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HELENE ELLIOTT

Minnesota rookie Ricky Rubio serves up dramatic flash

Don't compare Minnesota rookie Ricky Rubio to other players, his coach says. The point guard is developing into a great player on his own.

January 20, 2012|Helene Elliott
  • Minnesota rookie guard Ricky Rubio may not be worthy of legendary comparisons, but he's a talented young player who figures to play a prominent role in the Timberwolves' future.
Minnesota rookie guard Ricky Rubio may not be worthy of legendary comparisons,… (Carlos Gonzalez / MCT )

The comparisons between Minnesota rookie guard Ricky Rubio and Hall of Famer Pete Maravich can stop right now.

"No. No. Not even close," Timberwolves Coach Rick Adelman said emphatically.

Adelman also rejected the suggestion there might be similarities between the soft-spoken Spaniard and Terry Porter, the Minnesota assistant coach who had a distinguished, 17-year NBA career.

"I think we get in trouble in this league all the time trying to manufacture players into someone that you want them to be and not let them be themselves," Adelman said.

"He's a good young player who has a chance to have a very good future, but sometimes people try to mark him as something he's not right now. Let him develop, and so far he's doing great."

Rubio took a significant step forward Friday in a game that looked like it might be memorable only as his worst.

After missing his first 10 field goal attempts in the Timberwolves' 101-98 victory over the Clippers Friday he hit a three-point shot from the corner to tie the score at 98-98 with 20 seconds left, setting the stage for Kevin Love's 28-foot, buzzer-beating winner.

Rubio scored all of his nine points and recorded three of his six assists in the fourth quarter, the marks of a pressure player. He said he was confident on that tying shot, forgetting all the past misses and thinking only of what was possible to accomplish.

"We ran a great play. We shared the ball very well," Rubio said.

"I believe in that shot. I believe in myself. Because if not, nobody can believe for you. You have to trust in you and try to hit the shot, like we trust in Kevin on the last one."

Until the final minutes Rubio, a pro since he was 14 and a member of Spain's runner-up 2008 Olympic team at 17, played like a kid still learning his way around the NBA.

Fans who had cheered him during pregame introductions at Staples Center expected to see the sweet shooting that got him into Minnesota's starting lineup the last five games and launched him into Rookie of the Year conversations.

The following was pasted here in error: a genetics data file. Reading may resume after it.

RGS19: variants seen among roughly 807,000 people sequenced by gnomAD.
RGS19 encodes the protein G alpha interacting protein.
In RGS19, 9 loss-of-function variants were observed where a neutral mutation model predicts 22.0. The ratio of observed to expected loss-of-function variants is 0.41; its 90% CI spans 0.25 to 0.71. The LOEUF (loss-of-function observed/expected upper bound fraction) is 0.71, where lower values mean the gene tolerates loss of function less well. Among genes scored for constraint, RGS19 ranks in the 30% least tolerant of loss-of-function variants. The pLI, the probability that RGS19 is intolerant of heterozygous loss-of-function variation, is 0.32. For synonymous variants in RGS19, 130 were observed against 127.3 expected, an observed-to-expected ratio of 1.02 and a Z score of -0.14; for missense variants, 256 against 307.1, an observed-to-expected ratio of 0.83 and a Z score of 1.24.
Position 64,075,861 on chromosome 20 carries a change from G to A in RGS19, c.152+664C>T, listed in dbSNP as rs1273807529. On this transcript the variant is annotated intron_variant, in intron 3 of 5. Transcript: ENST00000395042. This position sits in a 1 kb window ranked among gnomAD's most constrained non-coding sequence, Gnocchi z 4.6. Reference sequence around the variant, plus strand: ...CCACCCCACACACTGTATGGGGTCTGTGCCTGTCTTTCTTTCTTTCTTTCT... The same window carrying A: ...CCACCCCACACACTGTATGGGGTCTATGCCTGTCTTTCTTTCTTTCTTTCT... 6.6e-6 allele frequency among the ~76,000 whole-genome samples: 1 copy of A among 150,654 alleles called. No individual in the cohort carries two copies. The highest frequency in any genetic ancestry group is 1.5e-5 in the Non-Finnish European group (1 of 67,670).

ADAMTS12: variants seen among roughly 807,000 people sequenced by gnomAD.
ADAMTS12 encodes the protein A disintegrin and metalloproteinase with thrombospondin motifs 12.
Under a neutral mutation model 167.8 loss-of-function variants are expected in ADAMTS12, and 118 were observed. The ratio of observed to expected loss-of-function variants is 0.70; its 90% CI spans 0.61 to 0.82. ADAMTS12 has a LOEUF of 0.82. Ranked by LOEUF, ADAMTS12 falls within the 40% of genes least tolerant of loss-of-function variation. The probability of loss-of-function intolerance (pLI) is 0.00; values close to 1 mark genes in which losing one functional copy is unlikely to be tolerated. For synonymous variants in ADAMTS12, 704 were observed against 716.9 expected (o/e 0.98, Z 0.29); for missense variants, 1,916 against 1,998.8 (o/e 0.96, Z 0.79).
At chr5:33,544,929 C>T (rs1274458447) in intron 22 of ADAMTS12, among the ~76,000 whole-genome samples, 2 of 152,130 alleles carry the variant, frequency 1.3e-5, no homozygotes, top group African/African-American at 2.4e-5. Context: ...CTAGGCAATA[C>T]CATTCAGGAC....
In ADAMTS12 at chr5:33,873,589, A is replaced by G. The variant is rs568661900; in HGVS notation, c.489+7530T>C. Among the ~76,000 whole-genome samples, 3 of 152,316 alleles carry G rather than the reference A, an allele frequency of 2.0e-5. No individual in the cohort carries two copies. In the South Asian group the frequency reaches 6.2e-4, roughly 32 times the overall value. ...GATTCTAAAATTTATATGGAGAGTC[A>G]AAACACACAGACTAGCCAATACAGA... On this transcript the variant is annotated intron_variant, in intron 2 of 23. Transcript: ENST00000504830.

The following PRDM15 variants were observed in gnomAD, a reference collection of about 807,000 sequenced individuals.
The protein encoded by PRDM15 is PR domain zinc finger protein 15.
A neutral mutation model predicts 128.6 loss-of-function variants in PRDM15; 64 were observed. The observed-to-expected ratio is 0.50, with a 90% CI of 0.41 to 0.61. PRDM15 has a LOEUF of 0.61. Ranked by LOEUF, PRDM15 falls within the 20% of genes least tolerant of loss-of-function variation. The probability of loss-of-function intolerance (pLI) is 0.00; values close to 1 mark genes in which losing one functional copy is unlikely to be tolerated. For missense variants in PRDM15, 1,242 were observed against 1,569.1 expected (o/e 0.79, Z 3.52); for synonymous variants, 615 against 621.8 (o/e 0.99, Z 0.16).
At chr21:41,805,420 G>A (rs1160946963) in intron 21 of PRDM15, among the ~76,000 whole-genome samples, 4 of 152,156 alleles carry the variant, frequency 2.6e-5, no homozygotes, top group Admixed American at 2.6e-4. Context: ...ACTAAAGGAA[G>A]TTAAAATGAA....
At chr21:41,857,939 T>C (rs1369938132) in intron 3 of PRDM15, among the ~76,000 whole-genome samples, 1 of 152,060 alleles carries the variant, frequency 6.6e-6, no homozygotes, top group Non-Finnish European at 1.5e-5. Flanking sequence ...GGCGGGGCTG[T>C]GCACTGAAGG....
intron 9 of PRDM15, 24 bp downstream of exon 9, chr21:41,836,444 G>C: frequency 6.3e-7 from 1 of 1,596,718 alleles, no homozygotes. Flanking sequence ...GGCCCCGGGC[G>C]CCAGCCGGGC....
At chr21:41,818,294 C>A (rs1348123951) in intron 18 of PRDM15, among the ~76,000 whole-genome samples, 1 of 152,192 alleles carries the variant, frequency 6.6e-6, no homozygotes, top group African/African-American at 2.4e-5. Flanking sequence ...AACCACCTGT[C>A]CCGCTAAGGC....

Instead, they saw Randy Foye -- starting in place of still-injured Chris Paul -- outplay Rubio from the outset while Rubio collected three fouls in the first half.

Rubio entered the game leading the NBA with 32 total steals and third in average steals per game at 2.29. He added three steals Friday in 32 minutes. He began the game averaging 10.7 points and 8.3 assists per game, but six of his nine points Friday resulted from free throws, and he had six assists and three turnovers.

Since he has been a pro so long it's easy to forget he's still young in many ways, only 22, proud of his new U.S. driver's license and looking forward to testing his skills in Minnesota's snowy winters.

That's one of the smaller adjustments he has made. Getting accustomed to a jampacked schedule tops his list.

"You feel your legs, they start to get tired," he said. "You have to be every night 100% because every game counts. You have to be ready all night. It's a little hard."

He was ready Friday when it mattered, in the fourth quarter.

"We were down all game. We fought all the way through until the end until we could win the game," he said. "We're happy about that and we have to enjoy it."

Adelman has liked what he has seen of Rubio's ability to run the floor and direct teammates to the spots they should be.

"You've got to give him rope and let him go because he's got that ability," Adelman said. "But I think probably the biggest thing I really love about him is he's a competitor. He doesn't back down from anybody. He gets a lot of attention but he keeps an even keel. He doesn't get too high, too low. He just plays. He's been better than I thought he was going to be."

Rubio needs to get better and can only do that by being himself, not the next anybody else. That just might be enough.

helene.elliott@latimes.com

twitter.com/helenenothelen

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